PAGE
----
The highs and lows of the new Permitted Development Rights

Apex Permitted Development Rights

Changes in existing Permitted Development Rights will make it easier to extend homes to create new dwellings, and maybe even help to revitalise the high street without miles of red tape, but the changes have also raised some concerns…

Permitted Development Rights

Permitted Development Rights (PDR) allow property owners and developers to carry out certain projects without having to go through the long and often expensive process of applying for planning permission. Current PDRs arguably already allow for far-reaching extensions, alterations, and changes of use however recent government changes have allowed for even greater ‘change’ to occur.

New major changes were introduced last summer to the General Permitted Development Order (GPDO), which allows homeowners to build more homes, without the need for full planning permission.

This PDR has been introduced via Schedule 2, Part 20 of the General Permitted Development Order and it allows existing homes to have one or two storeys added to them. The extensions can be used as entirely new dwellings and the prior approval system allows for all reasonably necessary engineering operations and means of access for the existing and proposed dwellings. The PDR relates to detached and terraced dwellings.

The new PDRs also allow the creation of new flats in upward extensions above existing commercial, mixed use, and flatted buildings. This means, in effect, that new flats could be created above buildings in residential areas and along a high street, providing more much-needed housing in certain areas, without developing on Green Belt or other unused land.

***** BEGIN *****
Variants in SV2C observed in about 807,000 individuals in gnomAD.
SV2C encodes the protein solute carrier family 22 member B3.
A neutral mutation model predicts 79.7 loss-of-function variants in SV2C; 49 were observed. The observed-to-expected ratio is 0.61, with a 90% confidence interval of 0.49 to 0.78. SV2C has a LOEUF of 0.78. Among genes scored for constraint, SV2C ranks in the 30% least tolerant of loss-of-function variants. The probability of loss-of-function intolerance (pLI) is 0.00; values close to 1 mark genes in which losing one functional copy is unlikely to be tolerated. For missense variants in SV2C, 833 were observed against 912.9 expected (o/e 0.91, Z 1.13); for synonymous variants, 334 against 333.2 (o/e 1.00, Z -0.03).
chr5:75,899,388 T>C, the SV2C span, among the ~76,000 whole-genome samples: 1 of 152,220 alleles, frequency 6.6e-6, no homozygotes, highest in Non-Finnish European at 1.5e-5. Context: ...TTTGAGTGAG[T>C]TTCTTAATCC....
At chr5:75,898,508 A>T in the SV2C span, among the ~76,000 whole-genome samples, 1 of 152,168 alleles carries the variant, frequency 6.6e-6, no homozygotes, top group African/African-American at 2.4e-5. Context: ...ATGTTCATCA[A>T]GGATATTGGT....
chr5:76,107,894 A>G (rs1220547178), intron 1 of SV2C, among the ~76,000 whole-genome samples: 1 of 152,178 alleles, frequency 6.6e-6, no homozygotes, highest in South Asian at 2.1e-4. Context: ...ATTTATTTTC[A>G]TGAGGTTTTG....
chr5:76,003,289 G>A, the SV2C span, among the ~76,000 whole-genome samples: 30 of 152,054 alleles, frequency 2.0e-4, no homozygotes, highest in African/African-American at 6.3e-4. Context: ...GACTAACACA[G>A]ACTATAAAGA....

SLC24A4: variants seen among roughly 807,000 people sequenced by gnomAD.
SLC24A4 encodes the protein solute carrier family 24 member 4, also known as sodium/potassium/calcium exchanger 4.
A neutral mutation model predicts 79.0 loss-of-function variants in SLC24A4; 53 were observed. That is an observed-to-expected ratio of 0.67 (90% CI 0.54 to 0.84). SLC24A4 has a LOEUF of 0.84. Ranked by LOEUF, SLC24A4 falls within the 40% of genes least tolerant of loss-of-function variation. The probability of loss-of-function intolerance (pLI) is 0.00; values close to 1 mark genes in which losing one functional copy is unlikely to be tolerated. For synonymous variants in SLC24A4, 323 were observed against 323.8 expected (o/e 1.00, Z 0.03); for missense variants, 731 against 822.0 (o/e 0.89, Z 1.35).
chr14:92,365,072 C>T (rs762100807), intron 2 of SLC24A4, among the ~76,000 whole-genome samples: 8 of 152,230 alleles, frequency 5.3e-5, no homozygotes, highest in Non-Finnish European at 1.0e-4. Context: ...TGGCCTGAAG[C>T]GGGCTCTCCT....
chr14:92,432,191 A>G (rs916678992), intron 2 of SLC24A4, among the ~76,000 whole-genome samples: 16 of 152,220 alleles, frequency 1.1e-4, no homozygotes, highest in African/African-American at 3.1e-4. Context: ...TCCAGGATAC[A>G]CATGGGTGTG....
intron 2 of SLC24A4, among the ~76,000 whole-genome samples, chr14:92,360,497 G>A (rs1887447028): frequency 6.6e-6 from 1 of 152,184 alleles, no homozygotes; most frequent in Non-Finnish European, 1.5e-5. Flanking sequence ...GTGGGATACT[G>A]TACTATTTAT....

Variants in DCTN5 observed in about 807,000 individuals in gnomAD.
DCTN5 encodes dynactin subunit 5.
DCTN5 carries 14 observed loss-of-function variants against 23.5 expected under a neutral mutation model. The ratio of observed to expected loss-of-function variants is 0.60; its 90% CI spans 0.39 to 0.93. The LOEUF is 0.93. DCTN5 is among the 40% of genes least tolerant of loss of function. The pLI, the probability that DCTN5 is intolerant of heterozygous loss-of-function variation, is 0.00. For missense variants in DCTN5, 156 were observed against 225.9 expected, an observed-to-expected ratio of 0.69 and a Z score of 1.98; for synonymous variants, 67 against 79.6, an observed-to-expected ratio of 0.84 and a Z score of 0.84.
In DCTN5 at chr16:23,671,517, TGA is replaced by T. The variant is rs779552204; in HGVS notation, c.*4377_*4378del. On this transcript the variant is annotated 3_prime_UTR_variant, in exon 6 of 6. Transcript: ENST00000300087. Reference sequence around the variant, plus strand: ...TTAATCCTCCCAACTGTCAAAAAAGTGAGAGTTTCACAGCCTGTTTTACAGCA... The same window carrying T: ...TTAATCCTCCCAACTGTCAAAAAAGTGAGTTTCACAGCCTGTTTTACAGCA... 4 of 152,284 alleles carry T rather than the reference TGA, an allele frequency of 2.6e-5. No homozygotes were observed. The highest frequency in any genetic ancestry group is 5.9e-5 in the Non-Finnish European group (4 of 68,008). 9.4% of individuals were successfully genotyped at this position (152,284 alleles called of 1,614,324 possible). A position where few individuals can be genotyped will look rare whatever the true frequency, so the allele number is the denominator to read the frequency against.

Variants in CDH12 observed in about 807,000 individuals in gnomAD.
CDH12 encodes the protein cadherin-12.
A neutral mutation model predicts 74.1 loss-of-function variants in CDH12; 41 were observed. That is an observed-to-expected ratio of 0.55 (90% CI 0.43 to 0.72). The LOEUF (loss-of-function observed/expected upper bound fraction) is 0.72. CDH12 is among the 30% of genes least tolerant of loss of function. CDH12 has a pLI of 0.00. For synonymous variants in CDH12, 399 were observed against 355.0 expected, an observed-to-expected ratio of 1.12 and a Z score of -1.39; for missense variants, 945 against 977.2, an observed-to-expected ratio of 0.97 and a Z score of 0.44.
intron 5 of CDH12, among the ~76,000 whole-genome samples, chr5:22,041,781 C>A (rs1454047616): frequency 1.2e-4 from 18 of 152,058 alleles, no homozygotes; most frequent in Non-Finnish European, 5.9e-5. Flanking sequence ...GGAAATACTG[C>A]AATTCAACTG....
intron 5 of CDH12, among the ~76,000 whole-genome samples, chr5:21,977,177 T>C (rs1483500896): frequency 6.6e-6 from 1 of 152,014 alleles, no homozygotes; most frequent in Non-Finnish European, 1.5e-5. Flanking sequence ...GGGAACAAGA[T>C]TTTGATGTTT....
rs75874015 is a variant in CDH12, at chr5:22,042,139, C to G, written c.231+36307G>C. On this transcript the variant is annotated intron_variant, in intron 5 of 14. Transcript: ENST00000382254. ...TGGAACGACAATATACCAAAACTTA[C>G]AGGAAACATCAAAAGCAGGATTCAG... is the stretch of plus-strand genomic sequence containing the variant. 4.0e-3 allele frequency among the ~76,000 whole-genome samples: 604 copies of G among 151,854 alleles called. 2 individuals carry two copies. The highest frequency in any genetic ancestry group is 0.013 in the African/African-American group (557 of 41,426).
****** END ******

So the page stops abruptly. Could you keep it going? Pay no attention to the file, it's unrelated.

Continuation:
Town centres and high streets may also benefit from a second PDR that allows a developer to demolish an existing building and then build on the same site, even adding storeys to the original height.

While at first glance these look like positive changes, they do raise some issues. Business groups, planners and even environmental groups have raised concerns about the ability to change commercial properties into homes.

With high streets already struggling before the pandemic and a question mark over how many shops will open again once lockdown ends, there are fears that landlords will be attracted by the potential profit of residential conversions, resulting in the destruction of the traditional high street. The PDR also removes local planning authorities’ (LPA) ability to properly plan for these changes, including infrastructure and demand for services. They also remove a LPAs ability to seek affordable housing contributions.